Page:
June 2008                               


ZAP!   2008

 by Paul DeRose

ZAP (Zinfandel Advocates and Producers), a non-profit organization with a mission “to educate the public about Zinfandel and its place in American culture and history,” has held annual wine tastings in San Francisco for more than 15 years. The popularity of these tastings had grown and grown to the point where it was time to put the act on the road. It now stops in many major cities throughout the US, including New York, Boston, Denver, Chicago …., and on May 22 it appeared in Washington, DC. More than thirty wineries participated in the event with each pouring a few of their choice selections.

The wineries in attendance ran the California gamut from Mendocino in the north to Paso Robles in the south and from very ripe, drink me now, to more structured, drink me later styles. Whether a suitor of Napa Cabernet, a lover of elegant Pinot Noirs, a straight Zin fan or just a plain old red wine drinker, you were bound to find something here that you liked. Examples of port and late harvest styles, and even Eizwein (Ice wine) were represented here, all Zins or Zin blends and all Red, no white Zinfandels need apply.

With more than 100 wines on display from some of the top names heralding the grape, the tasting was quite a bargain at $46.50 per person, open to the general public for 2 hours of sampling as many wines as time or endurance permitted, as well as hors d’oeuvres and a ZAP wine glass as a souvenir.

Ridge, Ravenswood and Rosenblum, the Three R’s as I like to call them (being three of the best wineries that both make top notch Zins and whose wines can be found outside of CA) led the varietal processional with some of their best. All three have also been waving the Zin banner as pioneers of the grape for 30 years or more and it’s probably fair to say that the laundry list of terrific Zins promoted by ZAP would not be possible without them. This was an exciting wine event that was really worth the trip, particularly for Zin fans or anyone who just wanted to become more familiar with Zinfandel. So, if you missed it this time around, check back same time next year. For more info go to www.zinfandel.org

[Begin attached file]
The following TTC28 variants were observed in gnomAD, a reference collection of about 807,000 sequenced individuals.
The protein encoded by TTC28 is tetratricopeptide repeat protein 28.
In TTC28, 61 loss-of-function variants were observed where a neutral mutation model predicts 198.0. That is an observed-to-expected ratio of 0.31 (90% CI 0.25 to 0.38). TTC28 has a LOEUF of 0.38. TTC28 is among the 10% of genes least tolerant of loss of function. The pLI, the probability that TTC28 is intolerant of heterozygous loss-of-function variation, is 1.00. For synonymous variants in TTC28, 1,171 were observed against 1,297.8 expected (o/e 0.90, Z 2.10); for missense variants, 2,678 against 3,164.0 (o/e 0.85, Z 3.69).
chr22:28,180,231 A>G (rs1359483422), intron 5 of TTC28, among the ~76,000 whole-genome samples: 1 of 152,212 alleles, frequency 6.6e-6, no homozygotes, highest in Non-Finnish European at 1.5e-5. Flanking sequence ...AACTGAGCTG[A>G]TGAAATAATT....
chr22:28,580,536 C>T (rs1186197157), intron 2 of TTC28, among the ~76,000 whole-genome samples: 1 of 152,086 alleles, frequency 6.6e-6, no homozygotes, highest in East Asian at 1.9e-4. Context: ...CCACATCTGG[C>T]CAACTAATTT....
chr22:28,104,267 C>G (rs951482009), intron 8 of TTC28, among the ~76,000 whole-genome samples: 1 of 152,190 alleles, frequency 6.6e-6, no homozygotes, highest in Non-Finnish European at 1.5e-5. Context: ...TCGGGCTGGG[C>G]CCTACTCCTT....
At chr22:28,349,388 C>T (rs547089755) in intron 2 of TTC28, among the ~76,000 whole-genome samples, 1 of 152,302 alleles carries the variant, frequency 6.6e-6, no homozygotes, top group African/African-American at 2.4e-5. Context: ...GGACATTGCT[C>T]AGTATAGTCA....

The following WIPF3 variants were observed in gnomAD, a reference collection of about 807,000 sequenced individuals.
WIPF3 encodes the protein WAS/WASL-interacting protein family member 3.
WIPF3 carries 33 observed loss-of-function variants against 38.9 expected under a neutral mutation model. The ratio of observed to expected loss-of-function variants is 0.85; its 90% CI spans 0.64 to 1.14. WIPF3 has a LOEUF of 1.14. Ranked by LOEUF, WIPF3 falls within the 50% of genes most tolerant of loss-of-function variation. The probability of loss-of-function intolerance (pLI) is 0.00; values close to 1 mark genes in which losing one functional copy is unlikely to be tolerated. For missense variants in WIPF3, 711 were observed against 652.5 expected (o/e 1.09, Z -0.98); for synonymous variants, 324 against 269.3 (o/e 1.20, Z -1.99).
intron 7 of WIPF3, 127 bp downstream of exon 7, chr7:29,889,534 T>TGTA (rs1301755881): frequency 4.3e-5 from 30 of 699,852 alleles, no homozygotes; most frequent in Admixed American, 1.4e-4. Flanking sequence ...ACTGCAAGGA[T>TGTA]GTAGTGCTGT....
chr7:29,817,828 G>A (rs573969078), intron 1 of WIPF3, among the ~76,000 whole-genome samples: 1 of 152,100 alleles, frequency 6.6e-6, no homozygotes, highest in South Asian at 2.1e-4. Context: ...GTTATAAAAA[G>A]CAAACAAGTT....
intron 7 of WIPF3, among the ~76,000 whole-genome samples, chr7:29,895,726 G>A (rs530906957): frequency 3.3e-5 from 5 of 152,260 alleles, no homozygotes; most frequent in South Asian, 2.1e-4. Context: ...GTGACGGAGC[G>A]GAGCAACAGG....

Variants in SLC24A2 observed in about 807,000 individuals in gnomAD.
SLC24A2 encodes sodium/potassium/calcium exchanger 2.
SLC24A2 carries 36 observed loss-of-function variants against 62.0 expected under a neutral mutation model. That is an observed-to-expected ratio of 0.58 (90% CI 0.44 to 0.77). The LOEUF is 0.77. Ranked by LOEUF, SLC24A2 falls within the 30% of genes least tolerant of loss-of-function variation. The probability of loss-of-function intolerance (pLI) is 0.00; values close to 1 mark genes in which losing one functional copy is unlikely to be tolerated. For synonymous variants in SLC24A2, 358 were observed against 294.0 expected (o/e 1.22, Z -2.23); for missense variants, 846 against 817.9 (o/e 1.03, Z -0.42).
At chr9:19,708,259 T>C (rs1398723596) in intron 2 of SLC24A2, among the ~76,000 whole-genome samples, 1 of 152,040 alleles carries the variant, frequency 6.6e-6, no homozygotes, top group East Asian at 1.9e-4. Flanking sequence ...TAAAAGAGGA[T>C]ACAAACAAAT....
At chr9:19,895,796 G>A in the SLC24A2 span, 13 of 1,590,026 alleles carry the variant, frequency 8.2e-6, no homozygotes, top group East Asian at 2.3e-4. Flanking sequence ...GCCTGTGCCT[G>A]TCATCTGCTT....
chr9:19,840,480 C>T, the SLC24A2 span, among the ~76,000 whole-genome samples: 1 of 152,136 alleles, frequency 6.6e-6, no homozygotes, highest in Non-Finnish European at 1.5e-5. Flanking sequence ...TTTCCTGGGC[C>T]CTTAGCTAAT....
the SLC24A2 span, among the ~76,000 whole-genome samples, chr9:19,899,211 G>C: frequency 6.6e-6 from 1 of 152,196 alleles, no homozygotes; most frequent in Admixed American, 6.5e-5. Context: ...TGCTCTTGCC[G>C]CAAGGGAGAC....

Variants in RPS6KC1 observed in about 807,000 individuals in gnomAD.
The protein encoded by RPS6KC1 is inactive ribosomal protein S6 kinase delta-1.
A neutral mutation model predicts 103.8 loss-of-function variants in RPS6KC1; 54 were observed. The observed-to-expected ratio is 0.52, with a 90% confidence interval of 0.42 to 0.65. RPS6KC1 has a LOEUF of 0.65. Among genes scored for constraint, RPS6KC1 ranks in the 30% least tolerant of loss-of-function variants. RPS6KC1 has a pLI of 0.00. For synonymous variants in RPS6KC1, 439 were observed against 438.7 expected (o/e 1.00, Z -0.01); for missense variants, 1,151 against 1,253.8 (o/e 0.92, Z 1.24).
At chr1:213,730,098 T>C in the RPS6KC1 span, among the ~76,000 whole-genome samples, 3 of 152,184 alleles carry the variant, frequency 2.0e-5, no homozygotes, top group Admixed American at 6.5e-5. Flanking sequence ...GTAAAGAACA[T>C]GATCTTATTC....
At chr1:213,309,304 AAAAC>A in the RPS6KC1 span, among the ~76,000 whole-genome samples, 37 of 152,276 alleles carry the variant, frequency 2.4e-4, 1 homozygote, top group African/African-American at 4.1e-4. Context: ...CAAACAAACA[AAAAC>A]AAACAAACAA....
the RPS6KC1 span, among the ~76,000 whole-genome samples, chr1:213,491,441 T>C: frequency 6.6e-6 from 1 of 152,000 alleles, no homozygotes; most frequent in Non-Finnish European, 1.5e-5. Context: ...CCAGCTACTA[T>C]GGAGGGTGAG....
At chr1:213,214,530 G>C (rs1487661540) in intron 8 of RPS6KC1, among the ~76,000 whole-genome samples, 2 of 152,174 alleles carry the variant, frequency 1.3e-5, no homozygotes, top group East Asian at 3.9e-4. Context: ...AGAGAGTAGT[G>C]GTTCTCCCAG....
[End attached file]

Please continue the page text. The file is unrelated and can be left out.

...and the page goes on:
Winery accessment and scores for those wines that I had the time and inclination to sample are given below, arranged alphabetically by winery. Price is estimated retail, but many of these can be found for a few dollars less.

Relatively standard fair with good structure and fruit.
84  2006 Mendocino County $18
86  2006 Dry Creek Valley $25

Solid for the price. Most of their wines are from Contra Costa County (near Sacramento), so warmer than Sonoma. Very ripe, tending toward raisiny with dusty flavors. Live Oak and Big Break are interesting examples of single vineyards from the area. These are meant to be drunk young. Their less expensive Zins I find to be decent, but simple and would recommend their Old Vines Mourvedre over their Zins in the $20 range.
85  2006 Sonoma County $23
88  2006 Live Oak $30
87  2002 Big Break $30

Solid, but a little pricey, although the Howell Mtn and late harvest were more interesting.
86  2005 Napa Valley $29
87  2005 St. Helena $32
88  2005 Howell Mtn $40
87  Late Harvest $25 (375mL)

Four Vines
Very good to excellent wines. Mostly about forward, pure fruit, but has excellent acidity to balance and not over-ripe or high-octane.
87  2006 Old Vine Cuvee $14
88  2006 Biker Paso Robles $25
89  2005 Maverick Amador County $25

Decent, but simple with some bitterness.
83  2005 Dry Creek Valley $25

J Dusi
The winemaker is Janell Dusi, who gets the grapes from her grandfather’s Dusi Ranch in Paso Robles. The emphasis here is on pure fruit and the wines are promising and very tasty, particularly the Port which was impressive.
88+  2006 Dusi $32